PALESTINE: Israeli army used depleted uranium


Palestinians have submitted a report to the United Nations saying weapons used by Israel to quell the four-month-old intifada in Palestine contained depleted uranium, the January 19-20 Jordan Times reported.

The Palestine Liberation Organisation (PLO) accused Israel's occupation forces of using artillery containing depleted uranium to shell Palestinian areas from warships and helicopter gunships.

"Apache and Cobra helicopters fired missiles of this kind at small Fatah offices in Ramallah at the beginning of November, completely destroying them", the PLO said. Palestinian President Yasser Arafat's Fatah group is the PLO's main faction.

"Bullets coated in depleted uranium were used against a group of young men affiliated to Fatah in the Ramallah area", the group said, citing another incident in the West Bank.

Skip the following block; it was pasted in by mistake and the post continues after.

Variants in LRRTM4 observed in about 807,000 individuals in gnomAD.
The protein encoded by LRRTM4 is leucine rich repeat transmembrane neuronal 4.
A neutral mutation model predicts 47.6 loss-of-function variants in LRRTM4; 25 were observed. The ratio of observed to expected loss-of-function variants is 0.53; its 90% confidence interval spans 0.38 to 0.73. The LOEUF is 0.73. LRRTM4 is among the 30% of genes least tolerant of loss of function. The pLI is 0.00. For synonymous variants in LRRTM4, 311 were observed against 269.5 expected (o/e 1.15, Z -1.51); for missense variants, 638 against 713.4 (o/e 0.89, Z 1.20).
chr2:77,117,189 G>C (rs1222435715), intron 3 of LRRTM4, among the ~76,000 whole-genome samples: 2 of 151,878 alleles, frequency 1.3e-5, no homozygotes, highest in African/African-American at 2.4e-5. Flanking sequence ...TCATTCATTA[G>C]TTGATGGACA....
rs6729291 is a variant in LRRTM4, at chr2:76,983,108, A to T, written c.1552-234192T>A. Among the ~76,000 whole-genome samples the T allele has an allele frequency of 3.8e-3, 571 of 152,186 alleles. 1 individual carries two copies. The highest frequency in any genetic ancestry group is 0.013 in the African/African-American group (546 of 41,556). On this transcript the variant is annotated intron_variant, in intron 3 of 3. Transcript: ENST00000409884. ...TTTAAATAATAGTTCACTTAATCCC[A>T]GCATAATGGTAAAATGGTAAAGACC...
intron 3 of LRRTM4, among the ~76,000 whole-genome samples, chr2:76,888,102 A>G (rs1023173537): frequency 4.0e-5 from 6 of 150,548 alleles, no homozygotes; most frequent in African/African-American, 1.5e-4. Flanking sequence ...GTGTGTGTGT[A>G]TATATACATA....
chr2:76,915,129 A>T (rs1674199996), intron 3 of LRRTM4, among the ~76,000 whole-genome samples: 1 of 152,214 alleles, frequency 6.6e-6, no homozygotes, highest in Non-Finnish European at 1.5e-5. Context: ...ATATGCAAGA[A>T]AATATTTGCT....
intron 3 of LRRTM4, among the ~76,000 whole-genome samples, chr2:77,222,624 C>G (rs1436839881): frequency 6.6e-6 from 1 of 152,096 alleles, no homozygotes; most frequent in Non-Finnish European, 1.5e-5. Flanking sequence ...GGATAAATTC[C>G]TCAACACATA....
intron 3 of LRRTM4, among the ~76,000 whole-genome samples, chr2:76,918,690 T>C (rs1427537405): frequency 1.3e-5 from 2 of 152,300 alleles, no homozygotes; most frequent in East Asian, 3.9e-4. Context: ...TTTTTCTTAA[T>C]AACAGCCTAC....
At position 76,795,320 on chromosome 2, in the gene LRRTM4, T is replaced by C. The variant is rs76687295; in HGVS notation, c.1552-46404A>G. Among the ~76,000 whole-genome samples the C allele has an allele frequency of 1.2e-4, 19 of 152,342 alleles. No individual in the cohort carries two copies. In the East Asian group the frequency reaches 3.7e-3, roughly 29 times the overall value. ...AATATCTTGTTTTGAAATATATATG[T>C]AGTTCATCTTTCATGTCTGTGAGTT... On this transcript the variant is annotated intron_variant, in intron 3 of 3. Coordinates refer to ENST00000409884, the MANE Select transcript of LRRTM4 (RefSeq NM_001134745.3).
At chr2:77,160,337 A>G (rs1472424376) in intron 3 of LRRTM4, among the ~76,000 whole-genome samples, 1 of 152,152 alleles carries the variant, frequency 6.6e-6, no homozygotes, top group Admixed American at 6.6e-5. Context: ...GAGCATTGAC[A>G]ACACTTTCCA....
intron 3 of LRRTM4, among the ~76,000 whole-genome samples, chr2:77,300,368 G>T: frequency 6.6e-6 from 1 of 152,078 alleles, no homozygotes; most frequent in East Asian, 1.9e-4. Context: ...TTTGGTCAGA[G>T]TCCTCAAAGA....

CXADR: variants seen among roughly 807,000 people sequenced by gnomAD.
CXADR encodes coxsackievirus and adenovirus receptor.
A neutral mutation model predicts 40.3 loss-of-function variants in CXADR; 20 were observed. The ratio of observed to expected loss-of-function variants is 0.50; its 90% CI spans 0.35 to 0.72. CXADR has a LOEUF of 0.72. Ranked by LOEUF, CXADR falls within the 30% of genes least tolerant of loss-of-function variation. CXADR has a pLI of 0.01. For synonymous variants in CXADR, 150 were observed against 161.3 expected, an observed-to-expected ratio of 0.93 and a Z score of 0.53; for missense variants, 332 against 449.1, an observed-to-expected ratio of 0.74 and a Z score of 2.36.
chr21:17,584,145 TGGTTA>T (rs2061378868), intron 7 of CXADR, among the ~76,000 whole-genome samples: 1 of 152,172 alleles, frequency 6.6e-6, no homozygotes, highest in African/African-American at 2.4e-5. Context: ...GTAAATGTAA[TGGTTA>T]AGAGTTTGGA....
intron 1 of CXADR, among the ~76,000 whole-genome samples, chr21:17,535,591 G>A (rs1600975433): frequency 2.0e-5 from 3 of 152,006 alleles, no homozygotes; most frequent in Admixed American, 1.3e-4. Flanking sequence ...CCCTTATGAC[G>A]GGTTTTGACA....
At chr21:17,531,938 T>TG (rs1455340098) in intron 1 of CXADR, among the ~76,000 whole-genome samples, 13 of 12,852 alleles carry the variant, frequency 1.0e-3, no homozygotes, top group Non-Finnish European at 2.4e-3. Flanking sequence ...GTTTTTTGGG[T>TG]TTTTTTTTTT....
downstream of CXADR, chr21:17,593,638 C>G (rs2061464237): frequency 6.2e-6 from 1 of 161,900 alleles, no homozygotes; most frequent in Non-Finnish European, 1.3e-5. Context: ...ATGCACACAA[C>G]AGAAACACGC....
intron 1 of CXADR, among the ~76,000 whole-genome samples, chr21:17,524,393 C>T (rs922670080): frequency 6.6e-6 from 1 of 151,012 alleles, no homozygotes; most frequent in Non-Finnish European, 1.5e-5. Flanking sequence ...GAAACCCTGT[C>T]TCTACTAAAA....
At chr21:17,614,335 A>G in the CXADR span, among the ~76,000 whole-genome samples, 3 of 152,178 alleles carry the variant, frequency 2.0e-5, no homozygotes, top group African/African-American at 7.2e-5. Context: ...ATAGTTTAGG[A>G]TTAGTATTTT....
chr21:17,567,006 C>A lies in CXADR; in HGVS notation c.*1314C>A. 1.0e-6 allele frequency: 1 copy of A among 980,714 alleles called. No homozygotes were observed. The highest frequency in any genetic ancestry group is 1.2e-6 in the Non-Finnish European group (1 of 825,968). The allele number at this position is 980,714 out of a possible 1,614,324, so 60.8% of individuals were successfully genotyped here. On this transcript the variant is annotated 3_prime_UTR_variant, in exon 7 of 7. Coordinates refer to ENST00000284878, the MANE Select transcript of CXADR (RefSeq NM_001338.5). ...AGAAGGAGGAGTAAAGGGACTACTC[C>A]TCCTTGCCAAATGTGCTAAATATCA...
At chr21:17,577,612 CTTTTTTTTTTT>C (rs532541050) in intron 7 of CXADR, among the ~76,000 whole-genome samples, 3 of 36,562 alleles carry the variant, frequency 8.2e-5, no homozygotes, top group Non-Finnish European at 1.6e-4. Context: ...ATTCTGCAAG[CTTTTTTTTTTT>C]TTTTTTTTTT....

An Israeli army official denied the allegations.

Meanwhile, the personal representative of UN secretary general Kofi Annan in southern Lebanon, Staffan de Mistura, said on January 18 that he favoured an inquiry into Israel's use of shells tipped with depleted uranium in Lebanon.

"Mr Berri is right to raise the issue of depleted uranium", de Mistura said after meeting Lebanon's parliamentary speaker Nabih Berri, adding that it is a question that concerns the whole world.

Berri said on January 17 that he was "convinced" that Israel used shells tipped with depleted uranium in Lebanon and called for an international inquiry. He said the Israeli media had talked of the use of depleted uranium as far back as 1985 and as fighting was then taking place on a daily basis, the Lebanese were convinced that Israel had used Lebanon to test the weapons.

An Agence France Press journalist saw a 66mm shell marked "radioactive material" on May 4 near the bodies of two Hizbollah fighters killed in an Israeli shelling attack in southern Lebanon, less than a month before Israel withdrew from the area.

The Israeli press has reported that the Israeli army used US-made depleted uranium weapons, but a military spokesperson said the shells had been taken out of service a year earlier.